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On Vetoes, Bush Beats Harding

After vetoing just one bill in his first six years as president, the stem cell research measure in 2006, President Bush has picked up the pace.

The White House reaffirmed today that Bush will soon veto, likely on Tuesday, a bill blocking cuts in doctors' pay under Medicare. His veto will likely be overridden, as the measure passed both the House and Senate with more than the required two-thirds majorities.

That expected Medicare bill veto will be Bush's 11th in the 110th Congress and his 12th overall (remember that he ended up having to veto the Farm Bill twice because of a clerical error). And if the House and Senate do override, that will mark the fourth override of the Bush administration.

But despite Bush's exponential increase in vetoes since Democrats took over the House and Senate, the 43rd president still has some work to do to catch up to nearly all of his predecessors. Bush has vetoed the fewest bills since Warren G. Harding nixed just six in his term in office. But Harding served less than three years as president, and died in office in 1923. After Harding, the other lowest veto totals in the last century were accumulated by John F. Kennedy (21) and Jimmy Carter (31). Kennedy, like Harding, died in his third year in office, while Carter served just one full term.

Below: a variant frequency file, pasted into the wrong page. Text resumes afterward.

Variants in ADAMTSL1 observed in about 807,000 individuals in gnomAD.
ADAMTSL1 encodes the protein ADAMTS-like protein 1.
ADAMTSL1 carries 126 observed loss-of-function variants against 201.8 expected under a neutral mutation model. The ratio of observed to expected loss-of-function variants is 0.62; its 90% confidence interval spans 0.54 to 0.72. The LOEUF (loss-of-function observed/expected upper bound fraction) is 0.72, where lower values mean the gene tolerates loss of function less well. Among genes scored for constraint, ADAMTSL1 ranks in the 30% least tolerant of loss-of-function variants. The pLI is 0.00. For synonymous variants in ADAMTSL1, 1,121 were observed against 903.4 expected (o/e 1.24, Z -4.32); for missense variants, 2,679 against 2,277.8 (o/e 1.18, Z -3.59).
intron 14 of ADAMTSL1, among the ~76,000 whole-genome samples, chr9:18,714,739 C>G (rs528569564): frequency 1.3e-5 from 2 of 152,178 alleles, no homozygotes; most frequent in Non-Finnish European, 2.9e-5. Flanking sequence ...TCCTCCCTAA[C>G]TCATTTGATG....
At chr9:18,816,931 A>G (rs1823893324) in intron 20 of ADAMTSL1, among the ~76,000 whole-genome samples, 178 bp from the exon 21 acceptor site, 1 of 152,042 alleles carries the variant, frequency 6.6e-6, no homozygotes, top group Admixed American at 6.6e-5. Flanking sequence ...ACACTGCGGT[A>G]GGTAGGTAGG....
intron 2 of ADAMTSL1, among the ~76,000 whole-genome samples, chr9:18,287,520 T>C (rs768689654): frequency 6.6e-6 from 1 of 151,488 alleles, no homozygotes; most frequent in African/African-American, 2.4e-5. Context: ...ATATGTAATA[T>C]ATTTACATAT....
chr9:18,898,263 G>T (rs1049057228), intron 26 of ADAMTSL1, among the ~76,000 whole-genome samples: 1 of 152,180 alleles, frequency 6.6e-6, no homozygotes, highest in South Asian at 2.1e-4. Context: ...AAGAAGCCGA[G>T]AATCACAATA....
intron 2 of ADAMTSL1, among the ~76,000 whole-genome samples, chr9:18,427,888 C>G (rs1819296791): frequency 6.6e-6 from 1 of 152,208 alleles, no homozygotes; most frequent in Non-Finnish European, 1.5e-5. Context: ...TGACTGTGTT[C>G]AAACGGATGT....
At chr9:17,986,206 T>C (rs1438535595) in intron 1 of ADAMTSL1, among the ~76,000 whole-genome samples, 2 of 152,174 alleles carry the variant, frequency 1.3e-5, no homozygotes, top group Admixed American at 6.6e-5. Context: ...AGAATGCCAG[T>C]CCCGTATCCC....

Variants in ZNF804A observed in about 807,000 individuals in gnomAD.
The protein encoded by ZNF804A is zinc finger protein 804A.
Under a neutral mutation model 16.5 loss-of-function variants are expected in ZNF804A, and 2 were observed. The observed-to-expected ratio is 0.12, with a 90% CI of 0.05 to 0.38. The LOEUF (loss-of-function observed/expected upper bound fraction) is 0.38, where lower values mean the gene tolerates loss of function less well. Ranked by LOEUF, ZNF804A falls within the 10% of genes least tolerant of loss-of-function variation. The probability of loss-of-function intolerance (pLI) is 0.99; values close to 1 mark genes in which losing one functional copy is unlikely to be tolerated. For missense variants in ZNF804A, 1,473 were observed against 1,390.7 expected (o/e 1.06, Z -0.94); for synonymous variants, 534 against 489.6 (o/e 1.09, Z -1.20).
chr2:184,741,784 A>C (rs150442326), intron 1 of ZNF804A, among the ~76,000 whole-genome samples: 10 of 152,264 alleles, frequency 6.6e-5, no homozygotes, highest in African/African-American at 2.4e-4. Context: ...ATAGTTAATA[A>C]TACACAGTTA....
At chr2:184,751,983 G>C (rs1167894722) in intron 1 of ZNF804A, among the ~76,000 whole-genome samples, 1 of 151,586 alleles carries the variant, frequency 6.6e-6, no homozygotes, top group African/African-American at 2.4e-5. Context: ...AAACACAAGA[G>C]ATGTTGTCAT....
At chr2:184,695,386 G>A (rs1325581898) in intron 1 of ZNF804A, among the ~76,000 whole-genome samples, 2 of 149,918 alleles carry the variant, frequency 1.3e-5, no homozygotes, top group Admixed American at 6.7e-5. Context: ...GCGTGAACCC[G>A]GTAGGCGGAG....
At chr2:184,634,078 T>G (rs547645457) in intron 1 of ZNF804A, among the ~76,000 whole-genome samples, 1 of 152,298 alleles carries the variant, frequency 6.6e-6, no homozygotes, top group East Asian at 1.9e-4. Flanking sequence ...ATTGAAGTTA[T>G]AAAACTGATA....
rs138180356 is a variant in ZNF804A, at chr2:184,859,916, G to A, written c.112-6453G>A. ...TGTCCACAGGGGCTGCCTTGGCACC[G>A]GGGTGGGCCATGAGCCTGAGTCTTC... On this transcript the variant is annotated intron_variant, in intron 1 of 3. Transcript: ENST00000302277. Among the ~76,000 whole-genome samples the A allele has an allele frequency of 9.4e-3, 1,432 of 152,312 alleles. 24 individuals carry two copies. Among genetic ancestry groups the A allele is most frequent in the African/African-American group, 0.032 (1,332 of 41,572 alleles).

And Bush has been historically unsuccessful at getting his vetoes sustained. According to this chart, even before the expected override on Medicare this week, Bush has the second-lowest rate of successful vetoes ever. Only Andrew Johnson, who had roughly three-quarters of his vetoes overridden during Reconstruction, did worse.

By Ben Pershing  |  July 14, 2008; 4:10 PM ET
Categories:  Branch vs. Branch  
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Comments

Do signing statements and refusals to execute laws count as pseudo-vetoes?

Posted by: byGeorge | July 15, 2008 12:16 PM | Report abuse

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